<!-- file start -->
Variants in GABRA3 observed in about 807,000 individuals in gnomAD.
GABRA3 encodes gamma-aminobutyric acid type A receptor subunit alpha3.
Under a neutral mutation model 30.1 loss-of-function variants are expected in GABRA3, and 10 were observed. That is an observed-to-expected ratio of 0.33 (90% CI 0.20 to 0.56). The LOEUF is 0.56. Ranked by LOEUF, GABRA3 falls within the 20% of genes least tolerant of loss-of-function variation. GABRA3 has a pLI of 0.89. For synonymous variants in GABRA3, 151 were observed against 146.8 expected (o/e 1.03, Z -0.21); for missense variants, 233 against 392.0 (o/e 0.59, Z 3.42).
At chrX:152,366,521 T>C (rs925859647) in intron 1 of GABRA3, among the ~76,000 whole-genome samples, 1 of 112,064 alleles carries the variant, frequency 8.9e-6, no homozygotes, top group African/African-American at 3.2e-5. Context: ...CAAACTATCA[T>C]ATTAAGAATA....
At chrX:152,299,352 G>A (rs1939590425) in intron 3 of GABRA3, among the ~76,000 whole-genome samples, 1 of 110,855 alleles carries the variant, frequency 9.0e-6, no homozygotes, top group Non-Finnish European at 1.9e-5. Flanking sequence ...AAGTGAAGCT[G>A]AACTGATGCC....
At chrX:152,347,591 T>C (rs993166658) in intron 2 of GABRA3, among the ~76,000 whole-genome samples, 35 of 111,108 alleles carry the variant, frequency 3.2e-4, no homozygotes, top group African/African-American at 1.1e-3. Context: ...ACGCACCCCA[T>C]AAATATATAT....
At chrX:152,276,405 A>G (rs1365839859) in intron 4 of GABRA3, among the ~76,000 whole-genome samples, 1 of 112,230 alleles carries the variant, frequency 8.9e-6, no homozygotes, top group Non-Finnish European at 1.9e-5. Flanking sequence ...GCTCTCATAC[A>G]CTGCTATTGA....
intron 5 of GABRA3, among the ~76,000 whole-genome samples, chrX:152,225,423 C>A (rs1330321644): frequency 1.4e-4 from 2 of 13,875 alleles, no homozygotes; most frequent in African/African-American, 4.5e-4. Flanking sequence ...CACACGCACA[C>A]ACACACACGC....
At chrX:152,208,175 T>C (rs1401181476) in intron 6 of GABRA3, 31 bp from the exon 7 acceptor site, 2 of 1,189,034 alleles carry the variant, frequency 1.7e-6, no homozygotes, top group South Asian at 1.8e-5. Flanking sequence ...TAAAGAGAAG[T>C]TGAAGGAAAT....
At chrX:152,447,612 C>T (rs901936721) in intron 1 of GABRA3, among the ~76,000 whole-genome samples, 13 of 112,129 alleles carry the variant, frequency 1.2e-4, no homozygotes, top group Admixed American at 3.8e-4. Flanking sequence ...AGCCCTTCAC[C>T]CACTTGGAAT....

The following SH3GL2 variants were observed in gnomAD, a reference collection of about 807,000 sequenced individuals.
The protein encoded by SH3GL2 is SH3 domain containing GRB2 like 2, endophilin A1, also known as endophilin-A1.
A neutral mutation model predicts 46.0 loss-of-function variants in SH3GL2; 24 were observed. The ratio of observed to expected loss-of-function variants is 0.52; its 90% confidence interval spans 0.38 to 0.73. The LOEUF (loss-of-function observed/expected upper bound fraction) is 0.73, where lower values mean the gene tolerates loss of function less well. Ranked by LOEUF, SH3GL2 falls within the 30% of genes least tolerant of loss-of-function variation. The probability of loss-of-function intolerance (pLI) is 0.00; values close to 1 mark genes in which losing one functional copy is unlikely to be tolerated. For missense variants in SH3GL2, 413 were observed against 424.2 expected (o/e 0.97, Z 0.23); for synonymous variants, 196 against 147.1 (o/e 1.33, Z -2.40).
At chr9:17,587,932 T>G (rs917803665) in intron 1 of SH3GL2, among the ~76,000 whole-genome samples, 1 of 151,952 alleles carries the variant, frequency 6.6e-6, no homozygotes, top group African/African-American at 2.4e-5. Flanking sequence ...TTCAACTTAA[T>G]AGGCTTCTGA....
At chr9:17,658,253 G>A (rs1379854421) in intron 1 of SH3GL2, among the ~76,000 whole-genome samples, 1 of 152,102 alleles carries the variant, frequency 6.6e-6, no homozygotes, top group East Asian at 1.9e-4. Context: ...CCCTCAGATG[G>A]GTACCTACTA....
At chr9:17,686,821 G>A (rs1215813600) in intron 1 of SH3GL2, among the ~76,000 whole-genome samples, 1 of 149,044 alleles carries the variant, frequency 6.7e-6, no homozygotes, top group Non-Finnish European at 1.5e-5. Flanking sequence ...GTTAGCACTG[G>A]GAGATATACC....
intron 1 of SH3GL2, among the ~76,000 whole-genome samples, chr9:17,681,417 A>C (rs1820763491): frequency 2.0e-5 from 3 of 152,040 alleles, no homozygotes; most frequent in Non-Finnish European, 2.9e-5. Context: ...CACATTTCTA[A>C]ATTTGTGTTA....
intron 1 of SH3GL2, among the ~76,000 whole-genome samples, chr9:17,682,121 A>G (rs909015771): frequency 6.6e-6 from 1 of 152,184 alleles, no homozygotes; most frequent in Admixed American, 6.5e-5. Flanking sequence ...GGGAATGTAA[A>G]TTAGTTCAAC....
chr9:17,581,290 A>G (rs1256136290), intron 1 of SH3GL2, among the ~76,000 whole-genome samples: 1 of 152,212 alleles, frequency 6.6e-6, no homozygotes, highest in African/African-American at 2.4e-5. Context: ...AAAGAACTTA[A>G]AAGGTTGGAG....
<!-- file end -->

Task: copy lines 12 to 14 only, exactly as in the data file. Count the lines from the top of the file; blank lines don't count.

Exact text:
The protein encoded by SH3GL2 is SH3 domain containing GRB2 like 2, endophilin A1, also known as endophilin-A1.
A neutral mutation model predicts 46.0 loss-of-function variants in SH3GL2; 24 were observed. The ratio of observed to expected loss-of-function variants is 0.52; its 90% confidence interval spans 0.38 to 0.73. The LOEUF (loss-of-function observed/expected upper bound fraction) is 0.73, where lower values mean the gene tolerates loss of function less well. Ranked by LOEUF, SH3GL2 falls within the 30% of genes least tolerant of loss-of-function variation. The probability of loss-of-function intolerance (pLI) is 0.00; values close to 1 mark genes in which losing one functional copy is unlikely to be tolerated. For missense variants in SH3GL2, 413 were observed against 424.2 expected (o/e 0.97, Z 0.23); for synonymous variants, 196 against 147.1 (o/e 1.33, Z -2.40).
At chr9:17,587,932 T>G (rs917803665) in intron 1 of SH3GL2, among the ~76,000 whole-genome samples, 1 of 151,952 alleles carries the variant, frequency 6.6e-6, no homozygotes, top group African/African-American at 2.4e-5. Flanking sequence ...TTCAACTTAA[T>G]AGGCTTCTGA....